Voter purging: use it or lose it

By: Bo Terrill
Twitter: @because_terrill

On Monday, Sept. 17 the University of Findlay hosted a presentation titled “Your Vote, Your Voice” which was presented by voting expert Mike Brickner.  Brickner presented this in honor of national Constitution Day at Winebrenner Theological Seminary.  Approximately forty people attended, with almost all of them being either students or the elderly.

Brickner’s presentation focused on the injustices that undergo in the state of Ohio, including government officials “using a technical rule to disenfranchise tens of thousands of people across the state of Ohio.”  Brickner explained further that this particular case was targeting third party voter registration groups who were going into public housing agencies, low-income neighborhoods in Cleveland, Columbus, and Cincinnati.

 “It was really a partisan manipulation using technical rules to keep certain people away from the ballot,” said Brickner.

Later in the presentation Brickner introduced the concept of voter purging, which according to him, is something a lot of people are unaware of.  Ideally, voter purging would be a way for the government to negate the ability for someone to vote using a deceased person’s identity, or if a person moves from one state to another, it would not be ethical for the person in question to be able to vote for both state elections.  However, Brickner argued that the government was being immoral with the amount they are purging. 

“Ohio had one of the most aggressive voter purging campaigns of any state in the nation,” stated Brickner. “Our secretary of state created a process that allowed people to be purged if they did not vote regularly.”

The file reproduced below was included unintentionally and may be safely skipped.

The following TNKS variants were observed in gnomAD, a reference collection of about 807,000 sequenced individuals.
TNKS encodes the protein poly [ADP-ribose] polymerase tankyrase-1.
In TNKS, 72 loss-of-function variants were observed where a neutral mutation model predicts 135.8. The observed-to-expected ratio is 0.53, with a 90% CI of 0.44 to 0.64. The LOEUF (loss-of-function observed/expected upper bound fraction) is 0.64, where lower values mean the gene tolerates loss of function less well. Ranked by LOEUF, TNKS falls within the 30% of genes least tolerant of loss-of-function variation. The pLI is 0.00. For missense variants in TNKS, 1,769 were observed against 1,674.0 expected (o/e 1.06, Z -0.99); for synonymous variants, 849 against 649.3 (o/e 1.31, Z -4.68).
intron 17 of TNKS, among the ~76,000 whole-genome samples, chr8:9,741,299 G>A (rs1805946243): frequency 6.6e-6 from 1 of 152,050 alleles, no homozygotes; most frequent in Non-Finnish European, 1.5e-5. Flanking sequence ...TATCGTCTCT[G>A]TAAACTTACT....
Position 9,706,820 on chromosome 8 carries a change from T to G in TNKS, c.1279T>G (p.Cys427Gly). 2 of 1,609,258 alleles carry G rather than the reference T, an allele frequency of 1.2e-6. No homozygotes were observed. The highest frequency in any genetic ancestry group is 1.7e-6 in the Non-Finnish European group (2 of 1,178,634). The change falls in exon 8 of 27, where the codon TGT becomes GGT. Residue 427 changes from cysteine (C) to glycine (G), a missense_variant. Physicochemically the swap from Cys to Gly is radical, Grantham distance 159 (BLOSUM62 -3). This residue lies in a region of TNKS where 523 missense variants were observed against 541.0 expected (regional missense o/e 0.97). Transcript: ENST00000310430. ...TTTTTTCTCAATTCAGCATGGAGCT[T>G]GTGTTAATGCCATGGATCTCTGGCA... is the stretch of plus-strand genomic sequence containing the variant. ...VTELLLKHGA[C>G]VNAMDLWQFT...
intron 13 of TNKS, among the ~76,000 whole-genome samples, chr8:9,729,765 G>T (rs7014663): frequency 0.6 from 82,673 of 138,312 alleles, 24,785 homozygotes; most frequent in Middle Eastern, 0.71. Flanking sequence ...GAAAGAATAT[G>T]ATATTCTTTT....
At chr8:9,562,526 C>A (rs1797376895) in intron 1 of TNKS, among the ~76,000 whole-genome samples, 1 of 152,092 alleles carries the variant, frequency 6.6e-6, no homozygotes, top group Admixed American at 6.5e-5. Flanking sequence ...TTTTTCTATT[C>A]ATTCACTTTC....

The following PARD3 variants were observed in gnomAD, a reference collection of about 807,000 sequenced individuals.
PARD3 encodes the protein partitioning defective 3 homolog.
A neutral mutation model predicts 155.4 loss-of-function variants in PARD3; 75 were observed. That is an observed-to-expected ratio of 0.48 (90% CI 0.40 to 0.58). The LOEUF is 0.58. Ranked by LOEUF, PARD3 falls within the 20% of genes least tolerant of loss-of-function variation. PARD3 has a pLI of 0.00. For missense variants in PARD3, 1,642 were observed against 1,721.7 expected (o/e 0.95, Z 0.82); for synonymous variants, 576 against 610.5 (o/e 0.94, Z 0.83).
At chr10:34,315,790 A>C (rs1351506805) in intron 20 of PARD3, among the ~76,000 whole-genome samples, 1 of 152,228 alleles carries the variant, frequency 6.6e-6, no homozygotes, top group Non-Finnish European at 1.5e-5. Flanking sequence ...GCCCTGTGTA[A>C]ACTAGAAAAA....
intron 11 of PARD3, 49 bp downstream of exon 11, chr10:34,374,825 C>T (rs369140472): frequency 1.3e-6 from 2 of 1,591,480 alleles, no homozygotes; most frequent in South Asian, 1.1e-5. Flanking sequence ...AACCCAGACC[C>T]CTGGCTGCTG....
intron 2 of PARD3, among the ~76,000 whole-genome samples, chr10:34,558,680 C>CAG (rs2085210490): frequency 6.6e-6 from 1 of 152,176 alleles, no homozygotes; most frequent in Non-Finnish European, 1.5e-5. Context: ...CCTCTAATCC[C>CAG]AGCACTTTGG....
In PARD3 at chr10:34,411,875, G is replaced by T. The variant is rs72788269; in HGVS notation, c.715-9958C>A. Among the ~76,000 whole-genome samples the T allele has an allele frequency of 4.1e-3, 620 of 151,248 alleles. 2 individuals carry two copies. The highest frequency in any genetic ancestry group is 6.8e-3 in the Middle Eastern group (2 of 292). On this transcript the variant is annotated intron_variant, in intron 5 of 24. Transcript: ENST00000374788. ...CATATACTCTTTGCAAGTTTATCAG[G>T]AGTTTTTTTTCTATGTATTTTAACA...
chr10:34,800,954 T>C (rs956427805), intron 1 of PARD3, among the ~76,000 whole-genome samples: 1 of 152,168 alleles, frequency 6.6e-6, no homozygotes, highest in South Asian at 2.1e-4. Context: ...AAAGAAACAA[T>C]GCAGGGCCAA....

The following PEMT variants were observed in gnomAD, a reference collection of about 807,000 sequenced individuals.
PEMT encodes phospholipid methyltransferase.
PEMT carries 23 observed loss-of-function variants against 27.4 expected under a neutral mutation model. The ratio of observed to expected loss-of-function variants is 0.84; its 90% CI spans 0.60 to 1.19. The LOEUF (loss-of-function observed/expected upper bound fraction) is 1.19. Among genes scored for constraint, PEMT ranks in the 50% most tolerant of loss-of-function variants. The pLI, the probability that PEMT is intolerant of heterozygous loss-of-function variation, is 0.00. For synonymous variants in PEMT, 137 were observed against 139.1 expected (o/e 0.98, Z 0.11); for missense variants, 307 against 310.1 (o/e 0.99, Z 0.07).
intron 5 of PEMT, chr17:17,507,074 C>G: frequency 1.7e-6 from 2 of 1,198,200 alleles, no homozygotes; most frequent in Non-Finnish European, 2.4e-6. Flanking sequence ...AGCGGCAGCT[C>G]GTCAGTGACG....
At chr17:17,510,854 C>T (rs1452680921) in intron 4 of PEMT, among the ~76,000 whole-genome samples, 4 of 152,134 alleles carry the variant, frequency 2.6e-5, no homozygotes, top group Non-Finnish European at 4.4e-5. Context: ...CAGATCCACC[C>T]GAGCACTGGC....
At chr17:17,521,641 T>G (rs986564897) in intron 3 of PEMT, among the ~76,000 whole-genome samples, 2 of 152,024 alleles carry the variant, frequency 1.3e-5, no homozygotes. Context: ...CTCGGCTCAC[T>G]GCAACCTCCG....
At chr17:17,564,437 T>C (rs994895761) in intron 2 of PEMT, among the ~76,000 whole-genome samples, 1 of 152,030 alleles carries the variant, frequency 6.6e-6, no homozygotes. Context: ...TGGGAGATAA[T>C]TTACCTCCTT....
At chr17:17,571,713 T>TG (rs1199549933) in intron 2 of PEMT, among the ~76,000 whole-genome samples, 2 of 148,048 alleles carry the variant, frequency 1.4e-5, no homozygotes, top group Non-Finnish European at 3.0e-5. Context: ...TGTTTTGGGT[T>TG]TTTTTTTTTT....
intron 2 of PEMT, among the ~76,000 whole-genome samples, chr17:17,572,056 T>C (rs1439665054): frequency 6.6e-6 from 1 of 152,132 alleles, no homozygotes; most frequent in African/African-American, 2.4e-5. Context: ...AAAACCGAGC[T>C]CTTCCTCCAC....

Brickner presented this situation with a story regarding a man named Larry Harmon who neglected to vote for several consecutive elections and therefore, when he attempted to vote against a medical marijuana bill in 2015, was denied because the state of Ohio claimed he was not registered to vote.  Brickner explained that “our voting rights are a ‘use it or lose it’ right.” 

Several civil rights groups brought this situation to the United States Supreme Court who denied their claim, stating that “you can purge people from not using their right to vote”.  Brickner continued, explaining how hundreds of thousands of voters had already been purged prior to this year.

“In fact, there are two million Ohioans…who, if they don’t show up for 2018, 2020, or 2022 could be purged from the voter polls,” explained Brickner.

Among those who attended was Amber King, a student at the university, found the presentation enlightening.

“I learned that purging was a thing…I was under the impression that people in jail could not vote, so I found out that they could and the fact so few do even though our prison population is so big,”  said King who shocked at the presentation regarding these voting injustices. “These two million (people) could influence the vote of the country.”  

Brickner also had explained that “a majority of people in local jails actually have the right to vote.”  Brickner followed this up by discussing that certain offenses would determine whether or not the inmate is allowed to vote, however, most are able.  Brickner explained that it is a common myth that if someone is convicted of felony, they cannot vote.

The cutoff to register to vote in Ohio is Oct. 9 and students can register using either their on-campus address or their official residence.

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